My answer to this is a qualified yes. How the issues are approached is singularly important. In many churches, the problem with politically controversial preaching in the pulpit is that during the sermon, the congregation is truly a captive audience. There is no opportunity for response or for offering an opposing point of view. The politically controversial sermon can feel more like the pastor force-feeding a particular point of view rather than offering a perspective on an important matter and its relationship to the Gospel.

So, if a pastor feels the need to offer such a sermon, here is my advice (for what it's worth) on how to go about proclaiming politics from the pulpit:

First, do not blind-side a congregation out of the blue with a sermon on abortion or gay marriage. The congregation should know ahead of time that on such-and-such a Sunday, the pastor is going to address a particular controversial matter from the pulpit. It is also a good idea to have a discussion with the church leadership ahead of time on why the pastor feels so led to offer such a sermon or sermons. Letting the folks know ahead of time what is going to happen, allows for people to be prepared as they enter the sanctuary that day.

Second, make sure some kind of venue is established that allows for the congregation to dialogue and respond. Can the topic being address also be discussed in the Sunday school classes that morning? What about providing for informal gatherings after the sermon, either on Sunday or at other times during the week? Can a bulletin board or discussion forum be established online for congregants to dialogue with the pastor? The point here is to give an outlet for those who want to continue the discussion particularly for those who may not embrace the pastor's position on the matter. I have found that most people will be willing to listen and to entertain opposing points of view if the approach to the issue is not threatening. More than a few pastors get themselves in trouble when addressing controversial matters, not so much because of the substance of their viewpoint, but on account of the posture of how they address the matter.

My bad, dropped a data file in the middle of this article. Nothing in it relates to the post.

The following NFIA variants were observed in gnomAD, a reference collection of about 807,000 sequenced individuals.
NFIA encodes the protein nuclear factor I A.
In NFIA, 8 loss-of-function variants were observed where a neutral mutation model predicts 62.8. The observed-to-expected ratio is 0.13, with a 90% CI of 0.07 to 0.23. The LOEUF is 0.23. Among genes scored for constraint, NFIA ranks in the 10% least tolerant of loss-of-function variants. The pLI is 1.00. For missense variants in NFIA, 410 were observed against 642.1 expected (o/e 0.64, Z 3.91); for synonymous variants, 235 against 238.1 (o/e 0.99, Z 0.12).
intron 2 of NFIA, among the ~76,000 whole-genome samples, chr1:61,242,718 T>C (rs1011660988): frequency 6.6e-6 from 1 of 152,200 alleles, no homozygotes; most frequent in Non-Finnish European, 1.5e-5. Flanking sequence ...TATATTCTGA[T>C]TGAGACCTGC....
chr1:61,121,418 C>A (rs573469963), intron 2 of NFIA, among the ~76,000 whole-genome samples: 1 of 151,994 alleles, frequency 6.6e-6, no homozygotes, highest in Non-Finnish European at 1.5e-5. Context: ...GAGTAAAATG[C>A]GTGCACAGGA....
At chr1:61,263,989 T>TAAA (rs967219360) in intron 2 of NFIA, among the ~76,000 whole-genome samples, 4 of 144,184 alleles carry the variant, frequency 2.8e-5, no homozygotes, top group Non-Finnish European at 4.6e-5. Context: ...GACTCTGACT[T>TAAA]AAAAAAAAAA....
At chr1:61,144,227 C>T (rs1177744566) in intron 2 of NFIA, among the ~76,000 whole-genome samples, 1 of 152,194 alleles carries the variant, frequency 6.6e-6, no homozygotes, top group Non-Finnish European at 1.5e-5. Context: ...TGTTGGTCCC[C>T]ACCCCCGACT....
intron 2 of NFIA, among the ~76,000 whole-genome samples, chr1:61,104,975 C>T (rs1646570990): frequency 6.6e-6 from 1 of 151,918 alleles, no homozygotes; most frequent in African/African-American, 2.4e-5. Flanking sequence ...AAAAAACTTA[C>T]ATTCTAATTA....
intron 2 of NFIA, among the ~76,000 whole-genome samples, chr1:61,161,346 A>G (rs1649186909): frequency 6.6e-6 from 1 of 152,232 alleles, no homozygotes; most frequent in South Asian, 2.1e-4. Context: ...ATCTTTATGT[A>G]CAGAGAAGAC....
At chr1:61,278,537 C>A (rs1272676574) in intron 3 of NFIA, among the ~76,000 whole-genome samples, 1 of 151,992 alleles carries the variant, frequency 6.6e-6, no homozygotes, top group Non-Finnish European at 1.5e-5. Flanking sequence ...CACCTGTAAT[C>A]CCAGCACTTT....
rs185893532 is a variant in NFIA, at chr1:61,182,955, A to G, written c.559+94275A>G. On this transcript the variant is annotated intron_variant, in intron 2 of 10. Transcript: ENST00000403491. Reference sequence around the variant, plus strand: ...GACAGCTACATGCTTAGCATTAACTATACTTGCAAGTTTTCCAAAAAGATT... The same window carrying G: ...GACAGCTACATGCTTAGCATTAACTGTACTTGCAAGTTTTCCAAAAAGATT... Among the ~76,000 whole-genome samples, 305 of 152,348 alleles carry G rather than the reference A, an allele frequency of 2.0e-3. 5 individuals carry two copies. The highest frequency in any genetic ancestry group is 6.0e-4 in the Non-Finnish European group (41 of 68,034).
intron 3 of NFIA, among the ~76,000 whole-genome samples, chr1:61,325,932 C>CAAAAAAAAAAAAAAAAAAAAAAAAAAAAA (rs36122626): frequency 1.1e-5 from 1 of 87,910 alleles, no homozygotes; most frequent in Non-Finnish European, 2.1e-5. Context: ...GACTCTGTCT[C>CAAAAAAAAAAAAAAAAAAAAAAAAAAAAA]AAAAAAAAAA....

Third, pastors should make it clear that faithful and reasonable people disagree on political matters. This does not mean that what people believe about abortion or capital punishment is irrelevant. Agreeing to disagree should not be interpreted to mean that one view is as good as the next. But, since all of us see through a glass darkly on this side of perfection (1 Corinthians 13:12), strong convictions spoken with genuine humility can create a context where faithful believers with different points of view can learn from one another and perhaps think about matters a little differently. The pastor should emulate this civil context in the tone of the sermon and in how she responds to those who disagree.

I must say that I do not bring politics into the pulpit in this way. I personally think preaching can be more profoundly prophetic when the sermon is devoted to the deep and profound things of Christian faith that does more than echo the politics of the Republican and Democratic Parties. It is my view that the typical political sermon today undermines the prophetic witness of the Scriptures. But for those who desire to address these matters form the pulpit, it can be done in a beneficial way if the pastor is intentional in how she goes about it.

Let me state again from a previous post in this series-- the church should not ignore controversial issues-- the question is how they are addressed. I prefer other venues to the pulpit. I will offer some thoughts on those venues in the next post.